Screenshot 2024-04-29 092941
Fix Homelessness How to rebuild human lives

Burien Small Business Closes Due to Homelessness Crisis


Downtown Burien business Iris & Peony is exiting the city because of the unending homeless drug crisis playing out on the streets everyday. Owner Robyn Desimone says she can no longer make a living being a daily victim of vandalism and other crimes. She’s also blaming the city, King County Executive Dow Constantine, and Sheriff Patti Cole-Tindall for allowing their nasty legal battle over the public camping ordinance to continue this long without a solution.

She also believes the new “low barrier” DESC apartment complex coming into Burien next month will be a disaster, attracting more chronically homeless drug addicts and compounding problems since the operator does not require addiction treatment.

Dow Constantine’s Policies Are Failing

Look at the devastating loss in business for Desimone. This is untenable. Constantine’s political power play has turned Burien into a human dumping ground, all part of his regional approach to solving homelessness. But it’s failing and businesses are ejecting. That’s also because he’s doubling down on policies that don’t work like “housing first” and “harm reduction.” The homeless should be housed, but not without basic rules, regulations, and requirements to take that next step in their lives. People are still dying of drug overdoses in low barrier “health through housing” situations. That’s because the county is just warehousing people out of sight and out of mind. The root causes like drug addiction, mental illness, and broken relationships are not being addressed. Where is the outrage?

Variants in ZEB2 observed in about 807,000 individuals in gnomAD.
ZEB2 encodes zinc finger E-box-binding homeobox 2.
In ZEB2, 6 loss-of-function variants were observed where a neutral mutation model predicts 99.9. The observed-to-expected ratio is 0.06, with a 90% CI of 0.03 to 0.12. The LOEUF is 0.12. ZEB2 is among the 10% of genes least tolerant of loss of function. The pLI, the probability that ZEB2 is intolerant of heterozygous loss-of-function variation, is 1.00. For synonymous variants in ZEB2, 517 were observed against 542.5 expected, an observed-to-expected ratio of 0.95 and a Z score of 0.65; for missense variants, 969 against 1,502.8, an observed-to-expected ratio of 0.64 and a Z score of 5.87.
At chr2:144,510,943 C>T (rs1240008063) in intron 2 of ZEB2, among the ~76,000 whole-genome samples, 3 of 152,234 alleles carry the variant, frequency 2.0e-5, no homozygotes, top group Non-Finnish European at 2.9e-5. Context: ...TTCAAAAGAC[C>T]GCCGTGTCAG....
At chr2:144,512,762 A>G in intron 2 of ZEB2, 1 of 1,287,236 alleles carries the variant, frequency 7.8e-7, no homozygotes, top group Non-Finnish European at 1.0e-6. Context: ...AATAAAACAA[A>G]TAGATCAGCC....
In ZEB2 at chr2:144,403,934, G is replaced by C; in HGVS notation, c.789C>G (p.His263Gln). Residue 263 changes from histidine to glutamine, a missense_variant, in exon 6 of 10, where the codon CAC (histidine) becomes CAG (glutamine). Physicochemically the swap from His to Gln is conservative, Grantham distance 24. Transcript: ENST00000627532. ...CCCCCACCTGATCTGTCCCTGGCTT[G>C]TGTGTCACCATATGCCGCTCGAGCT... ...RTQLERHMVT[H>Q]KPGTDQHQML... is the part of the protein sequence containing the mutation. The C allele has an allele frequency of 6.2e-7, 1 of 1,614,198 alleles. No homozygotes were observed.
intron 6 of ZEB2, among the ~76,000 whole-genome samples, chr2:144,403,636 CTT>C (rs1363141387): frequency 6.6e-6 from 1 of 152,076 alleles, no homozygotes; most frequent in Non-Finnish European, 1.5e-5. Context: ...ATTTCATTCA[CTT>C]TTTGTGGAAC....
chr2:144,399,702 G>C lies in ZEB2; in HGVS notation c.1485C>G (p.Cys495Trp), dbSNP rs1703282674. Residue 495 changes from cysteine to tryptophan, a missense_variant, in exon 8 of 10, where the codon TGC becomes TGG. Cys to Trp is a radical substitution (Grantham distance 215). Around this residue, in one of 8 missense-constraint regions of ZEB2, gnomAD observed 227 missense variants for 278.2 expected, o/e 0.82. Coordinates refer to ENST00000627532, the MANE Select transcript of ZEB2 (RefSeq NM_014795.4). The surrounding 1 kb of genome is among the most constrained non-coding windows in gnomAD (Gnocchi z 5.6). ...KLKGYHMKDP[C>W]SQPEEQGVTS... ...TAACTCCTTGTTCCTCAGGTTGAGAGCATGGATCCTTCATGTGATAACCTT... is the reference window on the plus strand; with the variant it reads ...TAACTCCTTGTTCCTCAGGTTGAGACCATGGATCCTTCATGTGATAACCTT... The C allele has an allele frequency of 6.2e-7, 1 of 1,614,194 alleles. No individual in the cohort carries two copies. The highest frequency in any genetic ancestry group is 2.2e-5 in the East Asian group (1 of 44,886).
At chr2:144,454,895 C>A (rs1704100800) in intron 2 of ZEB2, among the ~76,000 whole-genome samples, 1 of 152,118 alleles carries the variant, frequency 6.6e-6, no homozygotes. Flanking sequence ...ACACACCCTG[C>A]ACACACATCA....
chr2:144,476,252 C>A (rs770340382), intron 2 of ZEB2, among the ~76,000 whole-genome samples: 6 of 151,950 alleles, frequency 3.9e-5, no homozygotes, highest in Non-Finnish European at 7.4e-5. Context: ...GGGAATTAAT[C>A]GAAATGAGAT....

Jonathan Choe

Journalist and Senior Fellow, Center on Wealth and Poverty
Jonathan Choe is a journalist and Senior Fellow with Discovery Institute's Center on Wealth and Poverty, covering homelessness issues for its Fix Homelessness initiative. Prior to joining Discovery, Choe spent several years as one of the lead reporters at KOMO-TV, consistently the top rated television station in Seattle. His in depth stories on crime and deep dive investigations into the homeless crisis led to measurable results in the community, including changes in public policy. Choe has more than two decades of experience in television news behind the scenes and in front of the camera for ABC, NBC, FOX, CBS, and Tribune. He has also been nominated and honored with multiple industry awards including an Emmy. Choe spent several years teaching classes on emerging media and entrepreneurship to under privileged youth in inner city Chicago. As an independent journalist, Choe also contributes regularly to the Mill Creek View and Lynnwood Times and has reported on exclusive stories in the past year for Daily Wire and The Postmillennial.